Saturday after Ash Wednesday
Remind them to be submissive to rulers and authorities, to be obedient, to be ready for every good work, to speak evil of no one, to avoid quarreling, to be gentle, and to show perfect courtesy toward all people. For we ourselves were once foolish, disobedient, led astray, slaves to various passions and pleasures, passing our days in malice and envy, hated by others and hating one another. But when the goodness and loving kindness of God our Savior appeared, he saved us, not because of works done by us in righteousness, but according to his own mercy, by the washing of regeneration and renewal of the Holy Spirit, whom he poured out on us richly through Jesus Christ our Savior, so that being justified by his grace we might become heirs according to the hope of eternal life. The saying is trustworthy, and I want you to insist on these things, so that those who have believed in God may be careful to devote themselves to good works. These things are excellent and profitable for people. But avoid foolish controversies, genealogies, dissensions, and quarrels about the law, for they are unprofitable and worthless. As for a person who stirs up division, after warning him once and then twice, have nothing more to do with him, knowing that such a person is warped and sinful; he is self-condemned.
When I send Artemas or Tychicus to you, do your best to come to me at Nicopolis, for I have decided to spend the winter there. Do your best to speed Zenas the lawyer and Apollos on their way; see that they lack nothing. And let our people learn to devote themselves to good works, so as to help cases of urgent need, and not be unfruitful.
All who are with me send greetings to you. Greet those who love us in the faith.
Grace be with you all.
Sonny, Contentious Parishioner
I will call him Sonny, because it’s best not to speak ill of the dead. He was, I believe, a man who probably went through life with the help of medications. I often supposed when he was at his most difficult he was off his meds. I may well have been wrong about that. Most of the time, he was bearable in that way one can handle a thorny person, who is not being excessively biting in his running commentary on the lives of others.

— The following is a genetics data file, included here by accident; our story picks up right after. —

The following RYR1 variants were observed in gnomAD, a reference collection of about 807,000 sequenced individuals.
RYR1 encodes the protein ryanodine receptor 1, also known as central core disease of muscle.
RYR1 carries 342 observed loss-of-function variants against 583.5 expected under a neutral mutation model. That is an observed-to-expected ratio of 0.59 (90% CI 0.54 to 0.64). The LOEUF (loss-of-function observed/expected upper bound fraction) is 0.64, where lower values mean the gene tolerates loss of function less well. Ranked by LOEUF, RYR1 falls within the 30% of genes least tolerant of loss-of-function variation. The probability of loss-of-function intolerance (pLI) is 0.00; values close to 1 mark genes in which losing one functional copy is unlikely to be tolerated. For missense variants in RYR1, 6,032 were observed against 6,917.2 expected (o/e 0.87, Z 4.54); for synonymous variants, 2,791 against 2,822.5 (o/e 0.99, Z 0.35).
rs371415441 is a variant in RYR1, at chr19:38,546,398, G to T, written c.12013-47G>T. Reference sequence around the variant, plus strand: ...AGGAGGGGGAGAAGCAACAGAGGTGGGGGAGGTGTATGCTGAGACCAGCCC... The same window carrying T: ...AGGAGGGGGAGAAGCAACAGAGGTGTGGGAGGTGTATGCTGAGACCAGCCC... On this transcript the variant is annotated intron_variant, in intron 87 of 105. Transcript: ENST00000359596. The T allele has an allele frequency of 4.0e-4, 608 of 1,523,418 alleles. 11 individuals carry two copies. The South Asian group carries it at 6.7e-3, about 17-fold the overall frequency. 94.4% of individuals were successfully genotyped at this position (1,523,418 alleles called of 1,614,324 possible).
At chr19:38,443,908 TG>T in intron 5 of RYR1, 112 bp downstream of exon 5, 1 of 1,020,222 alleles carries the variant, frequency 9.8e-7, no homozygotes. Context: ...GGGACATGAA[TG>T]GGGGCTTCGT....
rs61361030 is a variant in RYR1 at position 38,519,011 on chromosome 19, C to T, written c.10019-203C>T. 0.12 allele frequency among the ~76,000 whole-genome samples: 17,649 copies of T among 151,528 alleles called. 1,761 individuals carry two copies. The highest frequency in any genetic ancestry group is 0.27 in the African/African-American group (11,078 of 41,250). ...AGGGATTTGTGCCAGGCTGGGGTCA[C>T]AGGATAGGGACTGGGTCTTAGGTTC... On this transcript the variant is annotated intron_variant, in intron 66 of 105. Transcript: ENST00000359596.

Having met one of his parents and one of his siblings, I had some insight into what influences shaped his life. Others less charitable would refer to him as an odd duck. He did not suffer from a lack of intelligence nor lack a modicum of social graces in the right setting. There were those who respected the man for how he had made his living. His best assets were his wife and children, who tended to soften some of his rougher edges when he was with them in a crowd. But the man reserved his most acid-tongued remarks for his pastor. When he would let loose with what, I suppose, he considered his word of admonition in the presence of others, they would often be shocked by his tone and accusatory rhetoric.
There are those who live to be contentious in churchly matters. Some are game players, who delight in the sport of it. Some are working out their Daddy or Mommy issues especially when their parents’ vocation was in the church, and there remain very old hurts. Some need a place to feel important, and they decide to bring that hole in the soul with them to church whenever it suits them. Some, like Sonny, feel it their call to take their pastor down a notch or two, lest he get too full of himself. I suspect that at the root of Sonny’s bitterness was a kind of envy of his pastor’s call.
I was a much younger pastor when I had Sonny for a parishioner. Looking back, I could have handled Sonny differently. I could have ignored Paul’s word to Titus about not getting caught up in arguments and taken a layer or two off of Sonny’s hide, but that would have been wrong. I could have spent hours and hours trying to soften Sonny, but, by the time I knew him, he was already set in his ways. Others acquiesced to Sonny’s worst spirits, but that only fed his need to dominate. I greeted Sonny each time I saw him and made small talk to acknowledge him. But when Sonny was at his worst, I would simply disagree with him and walk away before I lost my cool. I was not sorry to be rid of him when I took a call.
There are men and women like Sonny in every congregation. They need our prayers, and they need our resistance to their bad behavior. Just as cancer cells must be isolated and removed, so the very malevolent behaviors Paul describes to Titus must be exorcised from the Body of Christ.
Thank you, Father, for those who can disagree without being disagreeable and those who seek the well-being of your Church. In Jesus’ name. Amen.
Put four pennies, nickels, or dimes in a bowl or box today to help to provide food for the local food bank to share with the poor.
Pastor Samuel D. Zumwalt, STS
St Matthew's Evangelical Lutheran Church
English Standard Version (ESV)
The Holy Bible, English Standard Version. ESV® Text Edition: 2016. Copyright © 2001 by Crossway Bibles, a publishing ministry of Good News Publishers.